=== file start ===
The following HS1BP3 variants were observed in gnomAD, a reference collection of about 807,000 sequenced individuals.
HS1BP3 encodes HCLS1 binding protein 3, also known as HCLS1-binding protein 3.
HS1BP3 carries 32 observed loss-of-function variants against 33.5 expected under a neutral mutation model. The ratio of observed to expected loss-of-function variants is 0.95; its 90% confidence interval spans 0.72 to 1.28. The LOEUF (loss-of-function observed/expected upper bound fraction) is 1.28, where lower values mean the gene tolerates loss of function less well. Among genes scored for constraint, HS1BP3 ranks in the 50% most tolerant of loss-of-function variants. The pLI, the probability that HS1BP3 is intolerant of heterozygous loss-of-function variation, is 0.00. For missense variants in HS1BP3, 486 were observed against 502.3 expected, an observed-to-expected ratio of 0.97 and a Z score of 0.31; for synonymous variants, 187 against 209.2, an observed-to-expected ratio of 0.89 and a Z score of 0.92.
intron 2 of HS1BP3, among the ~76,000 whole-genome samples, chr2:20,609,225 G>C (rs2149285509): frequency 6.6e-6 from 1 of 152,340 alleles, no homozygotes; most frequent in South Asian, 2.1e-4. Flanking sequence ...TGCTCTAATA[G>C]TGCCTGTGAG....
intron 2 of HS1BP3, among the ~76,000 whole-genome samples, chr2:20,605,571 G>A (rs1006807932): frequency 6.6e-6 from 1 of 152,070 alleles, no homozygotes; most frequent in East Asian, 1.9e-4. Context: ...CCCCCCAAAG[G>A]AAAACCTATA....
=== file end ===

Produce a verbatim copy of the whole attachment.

The following HS1BP3 variants were observed in gnomAD, a reference collection of about 807,000 sequenced individuals.
HS1BP3 encodes HCLS1 binding protein 3, also known as HCLS1-binding protein 3.
HS1BP3 carries 32 observed loss-of-function variants against 33.5 expected under a neutral mutation model. The ratio of observed to expected loss-of-function variants is 0.95; its 90% confidence interval spans 0.72 to 1.28. The LOEUF (loss-of-function observed/expected upper bound fraction) is 1.28, where lower values mean the gene tolerates loss of function less well. Among genes scored for constraint, HS1BP3 ranks in the 50% most tolerant of loss-of-function variants. The pLI, the probability that HS1BP3 is intolerant of heterozygous loss-of-function variation, is 0.00. For missense variants in HS1BP3, 486 were observed against 502.3 expected, an observed-to-expected ratio of 0.97 and a Z score of 0.31; for synonymous variants, 187 against 209.2, an observed-to-expected ratio of 0.89 and a Z score of 0.92.
intron 2 of HS1BP3, among the ~76,000 whole-genome samples, chr2:20,609,225 G>C (rs2149285509): frequency 6.6e-6 from 1 of 152,340 alleles, no homozygotes; most frequent in South Asian, 2.1e-4. Flanking sequence ...TGCTCTAATA[G>C]TGCCTGTGAG....
intron 2 of HS1BP3, among the ~76,000 whole-genome samples, chr2:20,605,571 G>A (rs1006807932): frequency 6.6e-6 from 1 of 152,070 alleles, no homozygotes; most frequent in East Asian, 1.9e-4. Context: ...CCCCCCAAAG[G>A]AAAACCTATA....